Inscrit le: 21 Sep 2003
Pays, Ville: Paris, France - Tokyo, Japan
|Le gouvernement japonais s'inquiete de l'augmentation de la criminalité due aux etrangers
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|Le gouvernement japonais s'inquiete de l'augmentation de la criminalité due aux etrangers resident au Japon. Les organisations de defenses des etrangers critiquent cette position et le manque de soutien a l'integration des etrangers voulant resider au Japon.
Le Japon a pourtant besoin des residents japonais et accorde notamment une quantité croissante de VISA d'etudiants a de jeunes asiatiques, notamment dans l'objectif de soutenir financierement le systeme educatif qui souffre de la desaffection des etudiants japonais...
Source : Interpress Service
Vu sur : Sunday Times
Crimes fuel Japan’s wariness of foreigners
By Suvendrini Kakuchi
TOKYO—The Japanese government’s wariness of foreigners in the wake of crime incidents has been rising, undercutting calls by activists for greater integration of immigrants and local businesses’ demand for foreign migrant labor.
In recent months, especially in the wake of the gruesome murder in June of a Japanese family by suspects alleged to be Chinese students, Tokyo has stepped up its vigilance on foreigners—increasing arrests and tightening the issuance of visas for Asians aspiring to study here.
These incidents have also played into traditional xenophobia against foreigners in Japan, which has long touted its national homogeneity as its uniqueness in the world.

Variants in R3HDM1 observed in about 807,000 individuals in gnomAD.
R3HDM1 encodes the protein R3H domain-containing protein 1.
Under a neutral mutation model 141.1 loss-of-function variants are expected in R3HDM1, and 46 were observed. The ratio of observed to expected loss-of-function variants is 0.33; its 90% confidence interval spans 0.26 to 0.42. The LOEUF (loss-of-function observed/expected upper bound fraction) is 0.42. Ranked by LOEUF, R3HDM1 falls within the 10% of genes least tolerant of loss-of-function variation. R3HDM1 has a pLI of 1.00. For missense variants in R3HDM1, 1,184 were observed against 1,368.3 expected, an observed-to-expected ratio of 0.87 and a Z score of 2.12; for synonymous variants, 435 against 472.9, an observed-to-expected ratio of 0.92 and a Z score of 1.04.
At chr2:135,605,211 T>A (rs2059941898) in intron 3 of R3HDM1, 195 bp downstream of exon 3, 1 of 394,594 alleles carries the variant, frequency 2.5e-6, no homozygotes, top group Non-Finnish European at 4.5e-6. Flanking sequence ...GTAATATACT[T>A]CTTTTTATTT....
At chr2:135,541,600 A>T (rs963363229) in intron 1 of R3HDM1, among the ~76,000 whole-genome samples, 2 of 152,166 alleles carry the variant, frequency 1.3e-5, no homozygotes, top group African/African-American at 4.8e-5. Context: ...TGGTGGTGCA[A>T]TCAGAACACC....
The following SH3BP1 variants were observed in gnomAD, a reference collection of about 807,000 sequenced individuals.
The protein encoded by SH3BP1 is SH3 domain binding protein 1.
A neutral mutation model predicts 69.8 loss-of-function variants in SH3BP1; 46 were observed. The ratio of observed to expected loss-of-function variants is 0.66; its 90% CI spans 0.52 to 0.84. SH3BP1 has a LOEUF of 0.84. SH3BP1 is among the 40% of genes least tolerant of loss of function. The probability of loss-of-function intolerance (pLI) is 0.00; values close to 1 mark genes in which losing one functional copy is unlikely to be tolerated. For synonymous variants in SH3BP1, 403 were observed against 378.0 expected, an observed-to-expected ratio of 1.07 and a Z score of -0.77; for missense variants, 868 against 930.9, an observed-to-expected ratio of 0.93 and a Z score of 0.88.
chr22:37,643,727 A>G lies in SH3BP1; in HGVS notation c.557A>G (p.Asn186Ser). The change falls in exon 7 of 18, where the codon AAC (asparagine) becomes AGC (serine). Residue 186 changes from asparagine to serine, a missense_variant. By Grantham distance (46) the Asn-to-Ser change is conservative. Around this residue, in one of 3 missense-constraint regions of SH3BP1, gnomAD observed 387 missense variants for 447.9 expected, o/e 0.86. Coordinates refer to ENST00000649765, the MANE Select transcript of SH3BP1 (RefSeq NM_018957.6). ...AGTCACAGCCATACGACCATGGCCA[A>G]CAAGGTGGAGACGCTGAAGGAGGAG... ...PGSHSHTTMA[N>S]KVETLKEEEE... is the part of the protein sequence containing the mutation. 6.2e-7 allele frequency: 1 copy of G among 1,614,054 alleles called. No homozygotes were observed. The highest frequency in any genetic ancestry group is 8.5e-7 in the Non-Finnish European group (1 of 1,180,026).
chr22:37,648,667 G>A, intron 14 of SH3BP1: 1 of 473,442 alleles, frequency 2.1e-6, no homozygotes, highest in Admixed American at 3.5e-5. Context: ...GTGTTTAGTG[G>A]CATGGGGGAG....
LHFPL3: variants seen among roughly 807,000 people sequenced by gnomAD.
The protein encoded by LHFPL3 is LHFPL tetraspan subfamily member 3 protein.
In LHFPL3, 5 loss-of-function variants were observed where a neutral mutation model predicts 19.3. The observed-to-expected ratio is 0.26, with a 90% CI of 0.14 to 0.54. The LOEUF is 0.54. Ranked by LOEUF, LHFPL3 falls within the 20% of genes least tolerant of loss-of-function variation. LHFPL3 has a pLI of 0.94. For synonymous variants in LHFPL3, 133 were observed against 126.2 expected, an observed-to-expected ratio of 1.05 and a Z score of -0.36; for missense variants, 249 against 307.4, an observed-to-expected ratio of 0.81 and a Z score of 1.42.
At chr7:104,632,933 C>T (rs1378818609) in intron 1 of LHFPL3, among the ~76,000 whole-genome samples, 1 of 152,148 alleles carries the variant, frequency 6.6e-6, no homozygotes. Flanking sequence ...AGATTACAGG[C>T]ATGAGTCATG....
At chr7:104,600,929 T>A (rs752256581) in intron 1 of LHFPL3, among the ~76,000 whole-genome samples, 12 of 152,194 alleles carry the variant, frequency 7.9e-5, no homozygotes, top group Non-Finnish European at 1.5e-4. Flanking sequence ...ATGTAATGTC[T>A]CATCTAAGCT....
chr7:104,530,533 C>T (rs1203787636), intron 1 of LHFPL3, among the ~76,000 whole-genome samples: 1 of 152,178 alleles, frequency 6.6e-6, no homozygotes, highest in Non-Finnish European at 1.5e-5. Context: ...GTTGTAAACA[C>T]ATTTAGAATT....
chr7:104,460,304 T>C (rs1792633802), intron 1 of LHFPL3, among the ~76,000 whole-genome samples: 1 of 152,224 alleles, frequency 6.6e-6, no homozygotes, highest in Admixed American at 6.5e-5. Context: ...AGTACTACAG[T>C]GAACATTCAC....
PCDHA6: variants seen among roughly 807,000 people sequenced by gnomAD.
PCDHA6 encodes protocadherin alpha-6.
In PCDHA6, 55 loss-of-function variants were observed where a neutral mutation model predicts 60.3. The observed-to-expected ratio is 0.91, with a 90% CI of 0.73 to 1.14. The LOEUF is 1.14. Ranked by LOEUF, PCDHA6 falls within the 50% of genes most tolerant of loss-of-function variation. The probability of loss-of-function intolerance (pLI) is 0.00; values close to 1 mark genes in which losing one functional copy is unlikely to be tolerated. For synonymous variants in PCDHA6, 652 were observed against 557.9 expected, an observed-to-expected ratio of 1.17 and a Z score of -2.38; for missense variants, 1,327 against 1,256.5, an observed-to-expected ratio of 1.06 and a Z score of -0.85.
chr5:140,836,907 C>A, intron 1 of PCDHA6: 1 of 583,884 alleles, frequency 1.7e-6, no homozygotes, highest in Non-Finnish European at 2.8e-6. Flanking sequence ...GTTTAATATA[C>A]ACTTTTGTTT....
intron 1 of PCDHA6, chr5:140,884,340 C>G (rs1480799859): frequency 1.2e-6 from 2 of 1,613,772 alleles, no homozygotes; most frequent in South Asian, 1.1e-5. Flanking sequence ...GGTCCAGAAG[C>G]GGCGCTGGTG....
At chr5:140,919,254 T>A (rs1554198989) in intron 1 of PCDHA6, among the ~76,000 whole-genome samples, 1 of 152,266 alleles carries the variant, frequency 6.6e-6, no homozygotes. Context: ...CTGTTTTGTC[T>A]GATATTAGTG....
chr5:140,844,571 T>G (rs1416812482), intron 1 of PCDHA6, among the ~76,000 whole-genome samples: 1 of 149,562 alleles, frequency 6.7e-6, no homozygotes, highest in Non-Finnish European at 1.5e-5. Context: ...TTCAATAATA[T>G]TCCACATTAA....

“The rising arrests of foreigners have raised fear and concern about welcoming immigrants to Japan. It is becoming difficult to hope for a legal system to protect foreign workers,” Katsuo Yoshinari, head of the People’s Friendship Society, a grassroots organization that helps mostly Asians working in Japan, says in an interview.
The negative perceptions of foreigners as ‘outsiders’ were heightened by sensationalized media reports on the September arrests of two Chinese men for the June murders. The police had tracked them down after they fled to China.
The men, who had student visas in Japan, confessed to police they had entered the family house and killed and drowned the family, including two small children, because they needed money.
The suspicious reactions these are drawing from the Japanese disappoint those who have long been trying to encourage more acceptance of foreigners in this country, which in recent has been a magnet for migrants especially from Asia.
They say that it is time Japan became a multicultural society, respected the rights of other communities within it, and adapted to the rapid globalization of its economy.
Such lofty principals aside, even Japan’s top business people have spoken out for the need to accept the reality and value of foreigners here in the world’s second largest economy.
They favor the easing of restrictions on immigration as means of augmenting an ageing local workforce. Nippon Keidanren, Japan’s powerful business lobby, describes immigration as the “reinvigoration of the Japanese economy” in its policy documents.
It estimates that if Japan accepts 6.1 million workers from overseas before 2025, it will be possible to control the rise of the consumption tax to finance skyrocketing costs of social welfare.
Japan’s low birth rate of 1.3 percent is expected to see the size of its population between the ages of 15 to 64 years shrink by up to 15 million, and its workforce by as much as 6.1 million, according to government statistics.
Foreigners working in Japan account for only 0.2 percent of all workers in the country at the beginning of 2000, compared to 11.7 percent in the United States and 8.8 percent in Germany during the same time.